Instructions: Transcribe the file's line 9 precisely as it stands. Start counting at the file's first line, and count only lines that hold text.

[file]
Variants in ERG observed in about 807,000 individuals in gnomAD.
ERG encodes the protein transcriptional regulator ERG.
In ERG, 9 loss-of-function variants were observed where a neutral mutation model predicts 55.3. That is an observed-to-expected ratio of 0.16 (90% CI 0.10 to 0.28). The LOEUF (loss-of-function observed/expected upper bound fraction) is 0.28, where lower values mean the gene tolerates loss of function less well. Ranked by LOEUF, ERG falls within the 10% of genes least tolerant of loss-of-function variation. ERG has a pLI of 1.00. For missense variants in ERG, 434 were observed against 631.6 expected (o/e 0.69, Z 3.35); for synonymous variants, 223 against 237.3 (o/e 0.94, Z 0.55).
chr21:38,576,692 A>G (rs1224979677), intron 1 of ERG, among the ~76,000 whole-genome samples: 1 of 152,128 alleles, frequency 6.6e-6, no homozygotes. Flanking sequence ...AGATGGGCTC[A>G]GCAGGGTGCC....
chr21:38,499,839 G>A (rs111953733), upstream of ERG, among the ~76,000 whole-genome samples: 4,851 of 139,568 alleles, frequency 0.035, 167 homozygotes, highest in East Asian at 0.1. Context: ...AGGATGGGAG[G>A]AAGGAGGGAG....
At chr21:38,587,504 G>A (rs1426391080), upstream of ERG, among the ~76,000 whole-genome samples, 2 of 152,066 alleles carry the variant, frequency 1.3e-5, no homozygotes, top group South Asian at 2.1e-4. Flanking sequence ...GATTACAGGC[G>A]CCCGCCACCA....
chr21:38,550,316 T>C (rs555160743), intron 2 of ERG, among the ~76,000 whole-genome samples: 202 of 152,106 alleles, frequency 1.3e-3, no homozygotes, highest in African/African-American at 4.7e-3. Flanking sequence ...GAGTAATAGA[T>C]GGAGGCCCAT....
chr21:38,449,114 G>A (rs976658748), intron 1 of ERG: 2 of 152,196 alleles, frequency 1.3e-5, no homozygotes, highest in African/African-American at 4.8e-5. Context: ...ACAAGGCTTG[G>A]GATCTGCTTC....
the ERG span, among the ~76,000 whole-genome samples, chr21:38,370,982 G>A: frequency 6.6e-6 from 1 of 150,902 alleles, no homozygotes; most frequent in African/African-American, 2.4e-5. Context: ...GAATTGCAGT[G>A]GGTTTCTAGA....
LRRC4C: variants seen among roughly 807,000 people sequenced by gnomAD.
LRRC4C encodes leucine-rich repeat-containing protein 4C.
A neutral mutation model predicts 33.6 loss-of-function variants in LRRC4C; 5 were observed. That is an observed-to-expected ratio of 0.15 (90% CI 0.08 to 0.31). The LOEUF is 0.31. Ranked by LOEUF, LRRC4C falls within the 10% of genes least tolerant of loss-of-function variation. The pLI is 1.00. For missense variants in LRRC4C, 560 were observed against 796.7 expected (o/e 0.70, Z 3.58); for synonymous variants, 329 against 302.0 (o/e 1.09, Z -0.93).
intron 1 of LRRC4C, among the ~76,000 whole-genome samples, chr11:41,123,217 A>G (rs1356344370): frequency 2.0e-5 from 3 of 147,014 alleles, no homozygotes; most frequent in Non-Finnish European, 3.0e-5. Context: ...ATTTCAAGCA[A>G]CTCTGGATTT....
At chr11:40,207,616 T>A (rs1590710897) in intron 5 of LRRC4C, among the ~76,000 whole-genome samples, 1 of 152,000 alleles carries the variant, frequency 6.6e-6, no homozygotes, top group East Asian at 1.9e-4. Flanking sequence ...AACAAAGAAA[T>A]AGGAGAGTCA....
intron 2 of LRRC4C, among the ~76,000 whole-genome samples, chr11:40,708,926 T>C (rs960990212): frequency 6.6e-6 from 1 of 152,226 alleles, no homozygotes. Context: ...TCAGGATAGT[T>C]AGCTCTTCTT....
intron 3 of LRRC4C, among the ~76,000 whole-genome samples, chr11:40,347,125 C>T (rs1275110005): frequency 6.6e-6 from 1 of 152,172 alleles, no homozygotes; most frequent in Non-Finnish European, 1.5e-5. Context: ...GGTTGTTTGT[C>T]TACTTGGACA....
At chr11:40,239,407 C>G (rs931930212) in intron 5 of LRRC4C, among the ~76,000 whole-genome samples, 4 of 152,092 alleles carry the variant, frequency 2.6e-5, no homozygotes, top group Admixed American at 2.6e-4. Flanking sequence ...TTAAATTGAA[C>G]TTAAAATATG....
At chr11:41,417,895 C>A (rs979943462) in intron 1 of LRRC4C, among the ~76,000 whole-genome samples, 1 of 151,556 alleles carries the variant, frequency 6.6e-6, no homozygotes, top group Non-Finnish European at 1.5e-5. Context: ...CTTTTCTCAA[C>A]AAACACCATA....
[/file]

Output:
the ERG span, among the ~76,000 whole-genome samples, chr21:38,370,982 G>A: frequency 6.6e-6 from 1 of 150,902 alleles, no homozygotes; most frequent in African/African-American, 2.4e-5. Context: ...GAATTGCAGT[G>A]GGTTTCTAGA....